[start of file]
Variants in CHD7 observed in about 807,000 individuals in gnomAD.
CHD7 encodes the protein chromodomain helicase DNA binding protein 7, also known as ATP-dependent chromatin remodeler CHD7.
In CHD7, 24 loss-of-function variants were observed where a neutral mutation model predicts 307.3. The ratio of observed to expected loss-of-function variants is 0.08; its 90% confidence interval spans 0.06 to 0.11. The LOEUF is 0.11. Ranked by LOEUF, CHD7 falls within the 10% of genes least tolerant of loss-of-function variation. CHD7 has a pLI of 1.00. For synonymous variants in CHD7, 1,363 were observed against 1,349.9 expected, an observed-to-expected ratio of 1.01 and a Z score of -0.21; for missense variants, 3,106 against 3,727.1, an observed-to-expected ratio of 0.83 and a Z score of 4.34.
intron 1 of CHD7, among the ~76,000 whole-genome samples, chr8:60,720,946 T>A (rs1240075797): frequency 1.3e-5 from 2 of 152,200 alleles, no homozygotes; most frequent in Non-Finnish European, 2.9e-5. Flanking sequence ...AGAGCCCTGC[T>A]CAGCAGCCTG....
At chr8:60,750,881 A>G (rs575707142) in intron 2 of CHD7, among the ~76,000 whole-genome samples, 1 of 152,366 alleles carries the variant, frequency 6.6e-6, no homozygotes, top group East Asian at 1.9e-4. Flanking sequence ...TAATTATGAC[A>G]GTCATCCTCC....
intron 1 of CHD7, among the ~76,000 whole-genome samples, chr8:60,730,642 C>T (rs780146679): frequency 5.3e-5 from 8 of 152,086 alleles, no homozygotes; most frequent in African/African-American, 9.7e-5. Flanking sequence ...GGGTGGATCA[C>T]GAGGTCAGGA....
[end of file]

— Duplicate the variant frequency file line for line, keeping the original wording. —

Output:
Variants in CHD7 observed in about 807,000 individuals in gnomAD.
CHD7 encodes the protein chromodomain helicase DNA binding protein 7, also known as ATP-dependent chromatin remodeler CHD7.
In CHD7, 24 loss-of-function variants were observed where a neutral mutation model predicts 307.3. The ratio of observed to expected loss-of-function variants is 0.08; its 90% confidence interval spans 0.06 to 0.11. The LOEUF is 0.11. Ranked by LOEUF, CHD7 falls within the 10% of genes least tolerant of loss-of-function variation. CHD7 has a pLI of 1.00. For synonymous variants in CHD7, 1,363 were observed against 1,349.9 expected, an observed-to-expected ratio of 1.01 and a Z score of -0.21; for missense variants, 3,106 against 3,727.1, an observed-to-expected ratio of 0.83 and a Z score of 4.34.
intron 1 of CHD7, among the ~76,000 whole-genome samples, chr8:60,720,946 T>A (rs1240075797): frequency 1.3e-5 from 2 of 152,200 alleles, no homozygotes; most frequent in Non-Finnish European, 2.9e-5. Flanking sequence ...AGAGCCCTGC[T>A]CAGCAGCCTG....
At chr8:60,750,881 A>G (rs575707142) in intron 2 of CHD7, among the ~76,000 whole-genome samples, 1 of 152,366 alleles carries the variant, frequency 6.6e-6, no homozygotes, top group East Asian at 1.9e-4. Flanking sequence ...TAATTATGAC[A>G]GTCATCCTCC....
intron 1 of CHD7, among the ~76,000 whole-genome samples, chr8:60,730,642 C>T (rs780146679): frequency 5.3e-5 from 8 of 152,086 alleles, no homozygotes; most frequent in African/African-American, 9.7e-5. Flanking sequence ...GGGTGGATCA[C>T]GAGGTCAGGA....